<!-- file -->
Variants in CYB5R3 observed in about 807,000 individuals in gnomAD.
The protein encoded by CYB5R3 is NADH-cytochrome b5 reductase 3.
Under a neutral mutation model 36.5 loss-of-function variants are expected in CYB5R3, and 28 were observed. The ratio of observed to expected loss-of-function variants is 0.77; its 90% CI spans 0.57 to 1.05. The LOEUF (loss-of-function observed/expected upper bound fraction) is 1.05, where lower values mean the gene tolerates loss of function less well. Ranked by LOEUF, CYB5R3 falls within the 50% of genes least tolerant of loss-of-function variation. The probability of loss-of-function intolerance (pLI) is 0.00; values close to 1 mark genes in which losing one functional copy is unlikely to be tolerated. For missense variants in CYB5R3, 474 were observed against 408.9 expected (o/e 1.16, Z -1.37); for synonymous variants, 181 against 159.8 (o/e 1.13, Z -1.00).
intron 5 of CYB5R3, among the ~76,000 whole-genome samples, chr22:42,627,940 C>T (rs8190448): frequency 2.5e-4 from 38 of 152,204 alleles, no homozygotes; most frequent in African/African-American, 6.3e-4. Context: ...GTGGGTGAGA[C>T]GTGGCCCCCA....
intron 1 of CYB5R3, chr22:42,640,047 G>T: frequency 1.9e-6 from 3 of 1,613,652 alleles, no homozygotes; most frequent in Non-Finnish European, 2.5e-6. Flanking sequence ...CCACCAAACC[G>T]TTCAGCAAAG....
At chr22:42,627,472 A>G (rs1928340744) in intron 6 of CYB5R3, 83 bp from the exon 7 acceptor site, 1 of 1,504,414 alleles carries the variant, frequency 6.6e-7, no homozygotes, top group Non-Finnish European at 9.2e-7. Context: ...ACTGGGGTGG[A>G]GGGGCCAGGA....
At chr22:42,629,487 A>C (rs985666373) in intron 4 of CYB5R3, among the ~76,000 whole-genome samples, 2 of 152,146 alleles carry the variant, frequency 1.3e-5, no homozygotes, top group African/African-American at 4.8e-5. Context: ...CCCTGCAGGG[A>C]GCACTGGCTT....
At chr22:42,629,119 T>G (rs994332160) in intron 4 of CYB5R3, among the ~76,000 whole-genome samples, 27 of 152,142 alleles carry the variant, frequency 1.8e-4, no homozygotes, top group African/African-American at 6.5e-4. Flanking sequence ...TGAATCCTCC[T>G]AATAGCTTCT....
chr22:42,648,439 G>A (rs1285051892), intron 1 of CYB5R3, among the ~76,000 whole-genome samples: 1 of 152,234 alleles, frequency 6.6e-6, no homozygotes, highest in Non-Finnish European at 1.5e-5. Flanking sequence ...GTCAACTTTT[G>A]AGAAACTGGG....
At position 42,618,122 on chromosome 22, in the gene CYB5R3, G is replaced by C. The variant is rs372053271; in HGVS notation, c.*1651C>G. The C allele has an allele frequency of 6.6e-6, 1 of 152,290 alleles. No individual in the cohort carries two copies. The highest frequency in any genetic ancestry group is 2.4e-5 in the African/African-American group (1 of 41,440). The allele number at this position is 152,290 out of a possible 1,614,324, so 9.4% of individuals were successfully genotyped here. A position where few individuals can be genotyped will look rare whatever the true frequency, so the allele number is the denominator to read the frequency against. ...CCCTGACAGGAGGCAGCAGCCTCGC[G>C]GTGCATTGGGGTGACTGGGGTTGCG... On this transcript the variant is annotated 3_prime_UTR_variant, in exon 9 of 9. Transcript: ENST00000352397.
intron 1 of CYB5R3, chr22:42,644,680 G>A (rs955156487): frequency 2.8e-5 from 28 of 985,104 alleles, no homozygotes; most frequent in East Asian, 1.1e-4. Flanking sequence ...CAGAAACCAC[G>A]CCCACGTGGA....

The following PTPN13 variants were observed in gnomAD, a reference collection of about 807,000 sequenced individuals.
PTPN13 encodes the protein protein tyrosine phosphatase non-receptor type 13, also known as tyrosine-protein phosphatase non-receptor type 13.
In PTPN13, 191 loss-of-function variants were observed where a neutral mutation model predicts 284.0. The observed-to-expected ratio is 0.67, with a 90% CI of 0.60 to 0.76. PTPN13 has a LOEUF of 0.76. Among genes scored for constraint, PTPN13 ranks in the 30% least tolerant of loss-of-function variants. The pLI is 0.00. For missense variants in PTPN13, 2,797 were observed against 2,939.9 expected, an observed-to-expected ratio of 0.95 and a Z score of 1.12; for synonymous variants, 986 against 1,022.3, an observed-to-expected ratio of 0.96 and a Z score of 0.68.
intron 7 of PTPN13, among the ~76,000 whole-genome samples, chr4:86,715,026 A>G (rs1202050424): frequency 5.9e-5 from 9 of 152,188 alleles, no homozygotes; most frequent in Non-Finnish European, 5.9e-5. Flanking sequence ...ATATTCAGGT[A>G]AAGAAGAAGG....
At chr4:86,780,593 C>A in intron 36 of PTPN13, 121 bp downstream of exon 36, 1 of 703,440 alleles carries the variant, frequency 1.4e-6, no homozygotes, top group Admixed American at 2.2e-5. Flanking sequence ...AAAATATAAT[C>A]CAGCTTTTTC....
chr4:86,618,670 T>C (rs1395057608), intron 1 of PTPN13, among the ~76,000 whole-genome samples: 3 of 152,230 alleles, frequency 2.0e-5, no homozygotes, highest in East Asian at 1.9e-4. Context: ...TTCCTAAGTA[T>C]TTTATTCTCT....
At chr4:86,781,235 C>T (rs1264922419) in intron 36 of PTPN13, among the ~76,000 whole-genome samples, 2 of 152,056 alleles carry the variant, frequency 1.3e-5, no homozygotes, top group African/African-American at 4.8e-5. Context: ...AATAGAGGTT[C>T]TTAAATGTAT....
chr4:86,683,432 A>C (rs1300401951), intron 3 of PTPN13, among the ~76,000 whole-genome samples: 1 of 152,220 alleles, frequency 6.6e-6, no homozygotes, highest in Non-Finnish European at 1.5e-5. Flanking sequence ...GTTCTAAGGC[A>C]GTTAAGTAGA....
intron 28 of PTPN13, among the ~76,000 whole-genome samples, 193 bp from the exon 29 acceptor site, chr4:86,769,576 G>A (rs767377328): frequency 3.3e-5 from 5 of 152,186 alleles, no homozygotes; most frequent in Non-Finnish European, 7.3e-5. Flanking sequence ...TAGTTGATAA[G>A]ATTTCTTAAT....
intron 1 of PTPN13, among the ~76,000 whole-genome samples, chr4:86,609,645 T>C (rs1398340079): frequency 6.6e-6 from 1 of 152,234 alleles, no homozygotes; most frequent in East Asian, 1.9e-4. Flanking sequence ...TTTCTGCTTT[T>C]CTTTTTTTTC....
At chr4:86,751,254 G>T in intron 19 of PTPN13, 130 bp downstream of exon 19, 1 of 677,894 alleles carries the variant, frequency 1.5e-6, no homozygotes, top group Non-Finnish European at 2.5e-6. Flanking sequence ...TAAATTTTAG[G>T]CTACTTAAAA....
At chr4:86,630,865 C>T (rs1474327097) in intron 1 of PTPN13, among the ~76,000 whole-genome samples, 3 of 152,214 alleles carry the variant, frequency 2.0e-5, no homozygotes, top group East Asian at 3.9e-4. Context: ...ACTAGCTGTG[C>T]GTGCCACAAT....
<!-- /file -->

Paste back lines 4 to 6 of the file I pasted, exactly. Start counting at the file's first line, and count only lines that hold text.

intron 5 of CYB5R3, among the ~76,000 whole-genome samples, chr22:42,627,940 C>T (rs8190448): frequency 2.5e-4 from 38 of 152,204 alleles, no homozygotes; most frequent in African/African-American, 6.3e-4. Context: ...GTGGGTGAGA[C>T]GTGGCCCCCA....
intron 1 of CYB5R3, chr22:42,640,047 G>T: frequency 1.9e-6 from 3 of 1,613,652 alleles, no homozygotes; most frequent in Non-Finnish European, 2.5e-6. Flanking sequence ...CCACCAAACC[G>T]TTCAGCAAAG....
At chr22:42,627,472 A>G (rs1928340744) in intron 6 of CYB5R3, 83 bp from the exon 7 acceptor site, 1 of 1,504,414 alleles carries the variant, frequency 6.6e-7, no homozygotes, top group Non-Finnish European at 9.2e-7. Context: ...ACTGGGGTGG[A>G]GGGGCCAGGA....